I eat carbs and lots of them. Some of my favorite carb alternatives are mashed potatoes, french fries, and chocolate chip cookies. The top of my carb list, however, has to be macaroni and cheese.
I have been perfecting my macaroni and cheese dish since 1993. I started out with the basic recipe my mom always used. She cooked the macaroni noodles, drained them, added butter, milk, and chunks of cheddar cheese in with the noodles and heated on the stovetop. Before baking in a casserole dish in the oven, she added some crumbled Saltine crackers and a few pats of butter to the top. I loved her macaroni and cheese. Little did I know how much better it could be.
Here is the recipe that kicked off the macaroni and cheese improvement plan. I am posting the original recipe but am also including some RoomMom modifications at the end. I will eat this dish for dinner, leftover for breakfast, or packed in a school lunch to be eaten at room temperature.
6 T. butter
1 lb. corkscrew pasta (cavatappi)
5 1/2 c. milk
1/2 c. all-purpose flour
1/4 t. freshly ground pepper
2 t. salt
3 c. grated white cheddar cheese
3 c. grated orange cheddar cheese
Heat the oven to 375 degrees. Spray a 9 x 13 casserole dish with Pam.
Fill a large saucepan with salted water, bring to a boil, then cook pasta according to directions on the box. Follow the time for al dente.
Transfer pasta to a colander, drain well, and set aside.
In the empty saucepan, melt 6 T. butter over medium heat. When butter bubbles, stir in flour. Cook, whisking, for about one minute.
Continue to whisk and add milk a little at a time. After adding all of the milk, whisk constantly for about 7 minutes or so until the sauce thickens and bubbles around the edges. Remove from heat.
Stir in salt, pepper, 2 1/4 cups of each of the cheeses.
Add cooked pasta to the sauce and stir until the sauce covers the pasta.
Add the pasta and sauce mixture to the casserole dish, sprinkle with remaining grated cheese, and bake until golden brown on top (about 25 minutes).
I use any non-spaghetti like pasta I have on hand. I make this dish with elbow macaroni, penne, bow tie noodles, shell noodles, or any other smaller sized noodle.
I like to mix up the cheese. I use about the amount called for in the recipe, but I usually use a combination of whatever is in my refrigerator. I always have cheddar as the main cheese. I like Cracker Barrel extra sharp orange and Cracker Barrel Vermont white. I usually reduce the cheddar amount a little and supplement with freshly grated Parmesan, some freshly grated Swiss, and I recently started adding several slices of American. Other than the American, I think the cheese needs to be grated at home. The pre-grated cheese does not have as much flavor or melt as well (in my opinion).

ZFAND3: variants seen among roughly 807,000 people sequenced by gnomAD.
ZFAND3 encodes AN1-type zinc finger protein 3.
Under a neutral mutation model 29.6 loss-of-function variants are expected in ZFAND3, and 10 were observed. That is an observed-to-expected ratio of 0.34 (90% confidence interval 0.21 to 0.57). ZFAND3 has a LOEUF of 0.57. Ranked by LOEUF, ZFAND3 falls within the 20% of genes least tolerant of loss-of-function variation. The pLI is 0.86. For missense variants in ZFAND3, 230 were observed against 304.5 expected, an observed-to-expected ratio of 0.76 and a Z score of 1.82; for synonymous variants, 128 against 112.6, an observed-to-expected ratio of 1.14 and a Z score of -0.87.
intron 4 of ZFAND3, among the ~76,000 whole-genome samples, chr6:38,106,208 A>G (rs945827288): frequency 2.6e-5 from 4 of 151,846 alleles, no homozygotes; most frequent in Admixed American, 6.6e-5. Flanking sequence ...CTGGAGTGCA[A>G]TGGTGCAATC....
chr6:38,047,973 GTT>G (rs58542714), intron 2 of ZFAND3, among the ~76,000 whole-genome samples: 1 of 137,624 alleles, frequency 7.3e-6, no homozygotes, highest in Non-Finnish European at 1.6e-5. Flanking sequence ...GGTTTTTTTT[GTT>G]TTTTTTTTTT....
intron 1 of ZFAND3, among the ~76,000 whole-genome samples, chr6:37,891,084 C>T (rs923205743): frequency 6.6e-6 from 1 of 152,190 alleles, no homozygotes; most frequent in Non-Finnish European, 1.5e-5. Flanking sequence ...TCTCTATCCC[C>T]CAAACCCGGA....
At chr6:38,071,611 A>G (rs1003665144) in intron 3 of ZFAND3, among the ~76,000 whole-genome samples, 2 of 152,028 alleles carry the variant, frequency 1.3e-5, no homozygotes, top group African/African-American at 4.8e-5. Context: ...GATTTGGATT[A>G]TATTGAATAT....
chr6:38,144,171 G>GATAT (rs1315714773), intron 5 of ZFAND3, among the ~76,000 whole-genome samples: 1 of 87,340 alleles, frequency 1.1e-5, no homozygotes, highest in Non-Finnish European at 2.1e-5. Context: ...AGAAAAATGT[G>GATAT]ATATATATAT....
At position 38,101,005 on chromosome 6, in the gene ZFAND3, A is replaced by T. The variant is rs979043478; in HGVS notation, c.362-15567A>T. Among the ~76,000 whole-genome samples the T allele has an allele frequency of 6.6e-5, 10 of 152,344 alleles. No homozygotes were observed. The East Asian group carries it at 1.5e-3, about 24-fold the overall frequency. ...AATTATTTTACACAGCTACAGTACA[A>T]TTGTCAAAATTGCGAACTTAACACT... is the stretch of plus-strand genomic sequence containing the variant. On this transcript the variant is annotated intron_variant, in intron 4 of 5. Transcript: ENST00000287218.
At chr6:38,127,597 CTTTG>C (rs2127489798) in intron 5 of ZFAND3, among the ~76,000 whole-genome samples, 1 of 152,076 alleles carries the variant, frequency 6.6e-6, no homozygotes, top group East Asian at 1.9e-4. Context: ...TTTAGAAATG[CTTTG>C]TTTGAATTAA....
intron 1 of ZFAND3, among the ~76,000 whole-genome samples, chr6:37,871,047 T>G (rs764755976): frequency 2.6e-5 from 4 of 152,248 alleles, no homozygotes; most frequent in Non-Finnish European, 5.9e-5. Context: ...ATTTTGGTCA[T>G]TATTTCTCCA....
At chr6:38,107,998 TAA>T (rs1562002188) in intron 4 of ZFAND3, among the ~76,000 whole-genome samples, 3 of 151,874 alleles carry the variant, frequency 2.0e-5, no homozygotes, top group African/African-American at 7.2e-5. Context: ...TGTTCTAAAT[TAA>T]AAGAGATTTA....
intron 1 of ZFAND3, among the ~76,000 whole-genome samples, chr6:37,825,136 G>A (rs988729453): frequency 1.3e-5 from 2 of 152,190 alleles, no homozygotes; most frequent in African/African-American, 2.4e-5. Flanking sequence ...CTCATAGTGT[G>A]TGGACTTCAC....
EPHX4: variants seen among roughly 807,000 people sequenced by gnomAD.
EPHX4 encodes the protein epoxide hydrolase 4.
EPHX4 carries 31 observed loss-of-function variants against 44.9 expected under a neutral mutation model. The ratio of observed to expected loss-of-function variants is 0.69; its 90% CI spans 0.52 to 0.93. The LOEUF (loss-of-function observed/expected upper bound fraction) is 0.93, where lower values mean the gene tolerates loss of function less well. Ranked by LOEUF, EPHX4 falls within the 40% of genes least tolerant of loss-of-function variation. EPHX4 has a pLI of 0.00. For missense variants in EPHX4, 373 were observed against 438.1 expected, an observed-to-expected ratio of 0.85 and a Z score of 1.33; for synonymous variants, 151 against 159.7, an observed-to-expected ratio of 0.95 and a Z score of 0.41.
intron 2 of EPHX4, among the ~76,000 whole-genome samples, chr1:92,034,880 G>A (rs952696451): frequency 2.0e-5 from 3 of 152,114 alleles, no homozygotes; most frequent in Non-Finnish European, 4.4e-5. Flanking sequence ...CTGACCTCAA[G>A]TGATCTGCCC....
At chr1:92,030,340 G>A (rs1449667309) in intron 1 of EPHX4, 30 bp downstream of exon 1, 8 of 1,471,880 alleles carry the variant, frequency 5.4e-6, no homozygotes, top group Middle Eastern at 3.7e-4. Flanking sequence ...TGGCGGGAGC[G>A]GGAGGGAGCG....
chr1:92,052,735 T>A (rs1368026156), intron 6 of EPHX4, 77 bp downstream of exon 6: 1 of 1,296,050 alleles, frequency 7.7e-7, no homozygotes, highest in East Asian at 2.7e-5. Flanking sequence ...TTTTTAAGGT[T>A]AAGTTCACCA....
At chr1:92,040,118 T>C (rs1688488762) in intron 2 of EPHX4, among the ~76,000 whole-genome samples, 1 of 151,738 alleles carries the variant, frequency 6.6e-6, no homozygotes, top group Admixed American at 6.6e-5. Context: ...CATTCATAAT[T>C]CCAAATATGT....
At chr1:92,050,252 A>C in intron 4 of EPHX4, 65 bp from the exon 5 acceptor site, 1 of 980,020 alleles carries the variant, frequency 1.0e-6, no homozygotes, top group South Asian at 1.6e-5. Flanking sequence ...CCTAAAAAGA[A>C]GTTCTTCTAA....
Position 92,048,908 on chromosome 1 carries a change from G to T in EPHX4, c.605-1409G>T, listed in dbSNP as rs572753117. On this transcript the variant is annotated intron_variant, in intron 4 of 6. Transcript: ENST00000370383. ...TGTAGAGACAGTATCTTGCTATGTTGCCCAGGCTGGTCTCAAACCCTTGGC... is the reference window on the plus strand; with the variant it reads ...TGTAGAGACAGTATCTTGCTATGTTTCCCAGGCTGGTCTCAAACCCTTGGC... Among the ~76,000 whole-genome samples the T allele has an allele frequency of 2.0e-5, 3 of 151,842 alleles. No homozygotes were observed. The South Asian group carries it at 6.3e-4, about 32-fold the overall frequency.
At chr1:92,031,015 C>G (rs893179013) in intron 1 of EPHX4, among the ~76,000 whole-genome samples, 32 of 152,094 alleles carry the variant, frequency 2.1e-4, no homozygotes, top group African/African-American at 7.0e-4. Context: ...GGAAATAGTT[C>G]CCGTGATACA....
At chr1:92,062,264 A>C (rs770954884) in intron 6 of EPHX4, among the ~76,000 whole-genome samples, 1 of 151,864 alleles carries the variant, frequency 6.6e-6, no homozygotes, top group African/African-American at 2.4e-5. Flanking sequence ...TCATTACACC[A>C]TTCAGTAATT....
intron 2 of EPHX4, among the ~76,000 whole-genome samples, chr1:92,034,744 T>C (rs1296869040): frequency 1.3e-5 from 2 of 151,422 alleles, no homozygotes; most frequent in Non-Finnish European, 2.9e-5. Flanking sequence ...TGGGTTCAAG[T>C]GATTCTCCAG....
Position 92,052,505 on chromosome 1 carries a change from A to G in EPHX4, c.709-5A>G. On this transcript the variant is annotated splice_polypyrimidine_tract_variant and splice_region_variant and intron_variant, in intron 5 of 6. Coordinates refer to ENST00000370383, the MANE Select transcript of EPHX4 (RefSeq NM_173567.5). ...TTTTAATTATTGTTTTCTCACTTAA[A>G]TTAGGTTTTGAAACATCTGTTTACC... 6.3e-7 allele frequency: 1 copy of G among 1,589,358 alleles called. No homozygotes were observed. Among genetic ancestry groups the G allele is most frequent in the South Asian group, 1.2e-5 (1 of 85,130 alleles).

I eyeball the butter, flour, and milk amounts. If you are following this recipe for the first time, cook as instructed. Adjust to your taste the next time you make it (and I firmly believe you will be making this recipe a second time).
As soon as school starts, I lose touch with many friends until I resurface again in May when school ends for the year. This year, I am going to make more of an effort to be in better contact. It starts today with a Sunday family lunch/dinner. One of my mom friends from swim team is having us over this afternoon for late lunch/early dinner. It is a perfect time. I can still get all of my Sunday chores finished. We will be home in plenty of time to get kids ready to go back to school tomorrow and be in bed at a reasonable time, and I don’t need a babysitter since the kids are included. My contribution to this afternoon’s linner is a tomato pie.
What are other easy ways to stay in touch with adult friends during the school year? Do you feel like you disappear when after school activities and school projects start?
1 pie crust (I use store bought)
1/2 bag basil, chopped
1/2 bag chives, chopped
4 pieces cooked bacon, crumbled
2 green onions, chopped
1/2 c. mayonnaise
1/2 c. to 3/4 c. grated cheddar cheese
salt and pepper
Cook pie crust in a 9-inch pie pan at 450 degrees for 20 minutes or until browned. Remove from the oven and let cool. You may need to put uncooked beans or other pie weights in the pie crust to keep it from puffing up while it cooks.
Turn the oven down to 350 degrees after the pie shell is finished.
While the pie crust is baking, cut tomatoes in slices and let drain on paper towel for 30 minutes.
In cooked pie shell, layer tomatoes, basil, chives, and green onion. Sprinkle with salt and pepper and repeat.
Mix mayonnaise and grated cheese and top the pie with the cheese mixture. You don’t have to spread the cheese mixture too much. Just dollop on the center and push down with the back of a spoon. It will spread as it bakes.
Sprinkle the bacon bits on top.